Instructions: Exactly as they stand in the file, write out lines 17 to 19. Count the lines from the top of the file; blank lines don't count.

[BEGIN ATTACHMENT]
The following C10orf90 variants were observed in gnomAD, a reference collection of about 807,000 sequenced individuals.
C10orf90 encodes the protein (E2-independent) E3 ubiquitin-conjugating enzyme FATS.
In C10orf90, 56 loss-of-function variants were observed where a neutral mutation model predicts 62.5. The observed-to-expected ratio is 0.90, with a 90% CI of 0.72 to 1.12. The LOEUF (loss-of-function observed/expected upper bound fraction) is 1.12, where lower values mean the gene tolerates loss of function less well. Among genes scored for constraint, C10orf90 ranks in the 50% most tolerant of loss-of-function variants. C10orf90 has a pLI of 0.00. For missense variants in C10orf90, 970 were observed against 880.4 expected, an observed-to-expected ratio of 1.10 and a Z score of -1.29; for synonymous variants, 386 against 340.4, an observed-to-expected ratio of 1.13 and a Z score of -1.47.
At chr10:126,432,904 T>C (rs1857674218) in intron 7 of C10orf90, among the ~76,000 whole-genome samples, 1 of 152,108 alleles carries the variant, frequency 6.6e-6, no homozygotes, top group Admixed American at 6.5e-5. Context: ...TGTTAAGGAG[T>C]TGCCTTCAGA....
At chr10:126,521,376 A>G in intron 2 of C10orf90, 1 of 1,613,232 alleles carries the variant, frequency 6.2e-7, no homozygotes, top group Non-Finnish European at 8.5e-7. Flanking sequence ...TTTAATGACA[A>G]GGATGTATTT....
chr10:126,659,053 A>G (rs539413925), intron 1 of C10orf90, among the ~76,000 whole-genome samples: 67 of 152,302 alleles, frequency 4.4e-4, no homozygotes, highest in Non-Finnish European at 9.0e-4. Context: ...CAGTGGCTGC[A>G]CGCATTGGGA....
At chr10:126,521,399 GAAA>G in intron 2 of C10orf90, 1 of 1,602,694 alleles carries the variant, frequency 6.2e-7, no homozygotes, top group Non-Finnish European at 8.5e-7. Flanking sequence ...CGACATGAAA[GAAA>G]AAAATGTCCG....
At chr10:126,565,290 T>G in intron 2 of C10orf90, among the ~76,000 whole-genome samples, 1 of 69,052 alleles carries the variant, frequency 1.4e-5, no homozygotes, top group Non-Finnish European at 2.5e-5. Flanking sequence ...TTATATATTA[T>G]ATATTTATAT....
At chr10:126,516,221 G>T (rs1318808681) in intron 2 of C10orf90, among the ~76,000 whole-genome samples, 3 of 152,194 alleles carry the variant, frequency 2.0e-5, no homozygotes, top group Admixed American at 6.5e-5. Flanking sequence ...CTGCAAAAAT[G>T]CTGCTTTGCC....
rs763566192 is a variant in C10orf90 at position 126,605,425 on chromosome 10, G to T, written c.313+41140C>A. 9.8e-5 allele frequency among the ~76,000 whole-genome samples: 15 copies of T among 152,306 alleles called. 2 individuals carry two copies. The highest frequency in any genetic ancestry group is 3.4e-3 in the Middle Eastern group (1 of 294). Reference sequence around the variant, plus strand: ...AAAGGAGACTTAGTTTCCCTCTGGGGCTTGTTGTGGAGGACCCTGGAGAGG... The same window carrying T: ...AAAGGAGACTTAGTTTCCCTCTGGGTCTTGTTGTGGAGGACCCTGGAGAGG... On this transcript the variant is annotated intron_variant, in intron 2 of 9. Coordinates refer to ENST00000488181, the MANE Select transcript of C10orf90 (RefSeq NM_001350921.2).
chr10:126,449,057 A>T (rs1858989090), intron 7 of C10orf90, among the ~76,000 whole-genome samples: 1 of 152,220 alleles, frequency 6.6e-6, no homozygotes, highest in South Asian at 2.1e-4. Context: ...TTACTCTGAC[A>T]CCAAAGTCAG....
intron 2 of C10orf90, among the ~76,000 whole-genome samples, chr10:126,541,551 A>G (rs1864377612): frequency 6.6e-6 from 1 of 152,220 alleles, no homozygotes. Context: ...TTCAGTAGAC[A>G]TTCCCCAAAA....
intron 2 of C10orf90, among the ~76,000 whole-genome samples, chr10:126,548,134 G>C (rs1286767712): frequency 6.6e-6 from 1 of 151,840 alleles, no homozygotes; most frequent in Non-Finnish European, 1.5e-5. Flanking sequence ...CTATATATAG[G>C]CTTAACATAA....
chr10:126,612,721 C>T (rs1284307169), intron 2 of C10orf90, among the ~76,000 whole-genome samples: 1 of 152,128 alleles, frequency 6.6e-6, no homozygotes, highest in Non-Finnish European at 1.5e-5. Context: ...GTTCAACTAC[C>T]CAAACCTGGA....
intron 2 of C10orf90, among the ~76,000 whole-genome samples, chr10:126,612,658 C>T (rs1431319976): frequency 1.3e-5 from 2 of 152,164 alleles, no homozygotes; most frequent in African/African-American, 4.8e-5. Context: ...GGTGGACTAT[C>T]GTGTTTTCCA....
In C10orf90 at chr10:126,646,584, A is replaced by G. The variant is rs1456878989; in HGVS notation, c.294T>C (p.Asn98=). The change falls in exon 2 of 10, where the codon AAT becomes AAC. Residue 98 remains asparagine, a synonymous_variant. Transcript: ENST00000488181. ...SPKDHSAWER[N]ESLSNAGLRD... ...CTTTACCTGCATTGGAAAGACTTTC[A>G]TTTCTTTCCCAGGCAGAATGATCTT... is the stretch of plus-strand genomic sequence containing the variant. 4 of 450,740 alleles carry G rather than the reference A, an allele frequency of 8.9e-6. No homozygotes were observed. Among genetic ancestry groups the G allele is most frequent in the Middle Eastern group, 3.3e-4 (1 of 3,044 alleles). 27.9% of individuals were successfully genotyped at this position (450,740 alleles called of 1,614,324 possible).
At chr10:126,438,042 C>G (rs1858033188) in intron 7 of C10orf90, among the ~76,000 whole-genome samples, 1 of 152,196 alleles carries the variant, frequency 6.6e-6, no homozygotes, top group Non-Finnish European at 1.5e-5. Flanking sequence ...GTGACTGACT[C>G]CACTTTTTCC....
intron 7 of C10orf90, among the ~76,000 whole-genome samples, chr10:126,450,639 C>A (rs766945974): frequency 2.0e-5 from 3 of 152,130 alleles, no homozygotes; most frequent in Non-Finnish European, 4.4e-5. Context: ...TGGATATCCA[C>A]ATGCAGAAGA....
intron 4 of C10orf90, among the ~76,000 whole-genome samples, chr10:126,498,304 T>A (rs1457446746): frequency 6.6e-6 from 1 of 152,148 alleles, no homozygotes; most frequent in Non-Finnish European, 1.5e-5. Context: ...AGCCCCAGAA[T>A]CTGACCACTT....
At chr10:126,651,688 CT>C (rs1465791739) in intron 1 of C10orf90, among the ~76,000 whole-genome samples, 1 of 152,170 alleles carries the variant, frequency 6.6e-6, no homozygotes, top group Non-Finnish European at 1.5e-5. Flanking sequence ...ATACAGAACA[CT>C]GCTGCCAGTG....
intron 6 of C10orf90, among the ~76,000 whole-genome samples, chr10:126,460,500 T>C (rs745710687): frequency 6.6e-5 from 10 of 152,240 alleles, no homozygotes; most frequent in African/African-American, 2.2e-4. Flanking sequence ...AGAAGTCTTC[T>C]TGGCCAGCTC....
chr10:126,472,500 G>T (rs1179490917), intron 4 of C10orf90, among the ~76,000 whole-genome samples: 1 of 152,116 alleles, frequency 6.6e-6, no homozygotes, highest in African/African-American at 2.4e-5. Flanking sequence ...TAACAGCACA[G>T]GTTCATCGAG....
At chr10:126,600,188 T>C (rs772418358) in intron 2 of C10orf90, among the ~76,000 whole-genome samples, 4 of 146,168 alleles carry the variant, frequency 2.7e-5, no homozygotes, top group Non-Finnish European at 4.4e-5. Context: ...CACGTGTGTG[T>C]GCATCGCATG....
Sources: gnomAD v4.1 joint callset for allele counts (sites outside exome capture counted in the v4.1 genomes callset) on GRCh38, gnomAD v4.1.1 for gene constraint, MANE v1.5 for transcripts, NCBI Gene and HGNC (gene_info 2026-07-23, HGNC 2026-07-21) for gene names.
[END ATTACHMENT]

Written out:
At chr10:126,438,042 C>G (rs1858033188) in intron 7 of C10orf90, among the ~76,000 whole-genome samples, 1 of 152,196 alleles carries the variant, frequency 6.6e-6, no homozygotes, top group Non-Finnish European at 1.5e-5. Flanking sequence ...GTGACTGACT[C>G]CACTTTTTCC....
intron 7 of C10orf90, among the ~76,000 whole-genome samples, chr10:126,450,639 C>A (rs766945974): frequency 2.0e-5 from 3 of 152,130 alleles, no homozygotes; most frequent in Non-Finnish European, 4.4e-5. Context: ...TGGATATCCA[C>A]ATGCAGAAGA....
intron 4 of C10orf90, among the ~76,000 whole-genome samples, chr10:126,498,304 T>A (rs1457446746): frequency 6.6e-6 from 1 of 152,148 alleles, no homozygotes; most frequent in Non-Finnish European, 1.5e-5. Context: ...AGCCCCAGAA[T>A]CTGACCACTT....